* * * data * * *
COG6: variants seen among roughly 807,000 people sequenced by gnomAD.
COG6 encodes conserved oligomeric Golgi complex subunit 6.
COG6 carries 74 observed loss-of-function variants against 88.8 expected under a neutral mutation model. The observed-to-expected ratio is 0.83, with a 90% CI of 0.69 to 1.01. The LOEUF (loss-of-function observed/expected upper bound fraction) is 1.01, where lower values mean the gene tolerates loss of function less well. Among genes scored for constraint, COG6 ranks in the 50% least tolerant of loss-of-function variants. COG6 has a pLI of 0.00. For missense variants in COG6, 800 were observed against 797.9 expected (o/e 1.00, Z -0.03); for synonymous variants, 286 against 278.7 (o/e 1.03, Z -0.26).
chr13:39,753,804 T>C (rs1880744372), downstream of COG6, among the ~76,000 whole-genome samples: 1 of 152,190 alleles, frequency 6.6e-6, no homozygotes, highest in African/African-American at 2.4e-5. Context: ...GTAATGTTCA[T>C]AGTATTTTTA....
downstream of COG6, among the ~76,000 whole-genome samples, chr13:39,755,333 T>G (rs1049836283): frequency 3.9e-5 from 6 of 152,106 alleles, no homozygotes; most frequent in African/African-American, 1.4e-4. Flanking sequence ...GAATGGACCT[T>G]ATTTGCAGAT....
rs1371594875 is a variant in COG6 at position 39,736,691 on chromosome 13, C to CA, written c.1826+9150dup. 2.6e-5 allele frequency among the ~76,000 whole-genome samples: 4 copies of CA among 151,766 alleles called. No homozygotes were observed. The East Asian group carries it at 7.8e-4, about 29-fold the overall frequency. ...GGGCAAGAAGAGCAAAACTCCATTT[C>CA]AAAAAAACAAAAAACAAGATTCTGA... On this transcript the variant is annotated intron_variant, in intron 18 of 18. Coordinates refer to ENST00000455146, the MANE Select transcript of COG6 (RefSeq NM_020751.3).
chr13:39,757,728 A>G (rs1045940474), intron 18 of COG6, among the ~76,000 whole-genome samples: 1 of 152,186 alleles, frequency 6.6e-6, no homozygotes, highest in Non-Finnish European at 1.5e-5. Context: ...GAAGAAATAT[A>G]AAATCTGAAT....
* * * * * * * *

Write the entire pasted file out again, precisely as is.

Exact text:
COG6: variants seen among roughly 807,000 people sequenced by gnomAD.
COG6 encodes conserved oligomeric Golgi complex subunit 6.
COG6 carries 74 observed loss-of-function variants against 88.8 expected under a neutral mutation model. The observed-to-expected ratio is 0.83, with a 90% CI of 0.69 to 1.01. The LOEUF (loss-of-function observed/expected upper bound fraction) is 1.01, where lower values mean the gene tolerates loss of function less well. Among genes scored for constraint, COG6 ranks in the 50% least tolerant of loss-of-function variants. COG6 has a pLI of 0.00. For missense variants in COG6, 800 were observed against 797.9 expected (o/e 1.00, Z -0.03); for synonymous variants, 286 against 278.7 (o/e 1.03, Z -0.26).
chr13:39,753,804 T>C (rs1880744372), downstream of COG6, among the ~76,000 whole-genome samples: 1 of 152,190 alleles, frequency 6.6e-6, no homozygotes, highest in African/African-American at 2.4e-5. Context: ...GTAATGTTCA[T>C]AGTATTTTTA....
downstream of COG6, among the ~76,000 whole-genome samples, chr13:39,755,333 T>G (rs1049836283): frequency 3.9e-5 from 6 of 152,106 alleles, no homozygotes; most frequent in African/African-American, 1.4e-4. Flanking sequence ...GAATGGACCT[T>G]ATTTGCAGAT....
rs1371594875 is a variant in COG6 at position 39,736,691 on chromosome 13, C to CA, written c.1826+9150dup. 2.6e-5 allele frequency among the ~76,000 whole-genome samples: 4 copies of CA among 151,766 alleles called. No homozygotes were observed. The East Asian group carries it at 7.8e-4, about 29-fold the overall frequency. ...GGGCAAGAAGAGCAAAACTCCATTT[C>CA]AAAAAAACAAAAAACAAGATTCTGA... On this transcript the variant is annotated intron_variant, in intron 18 of 18. Coordinates refer to ENST00000455146, the MANE Select transcript of COG6 (RefSeq NM_020751.3).
chr13:39,757,728 A>G (rs1045940474), intron 18 of COG6, among the ~76,000 whole-genome samples: 1 of 152,186 alleles, frequency 6.6e-6, no homozygotes, highest in Non-Finnish European at 1.5e-5. Context: ...GAAGAAATAT[A>G]AAATCTGAAT....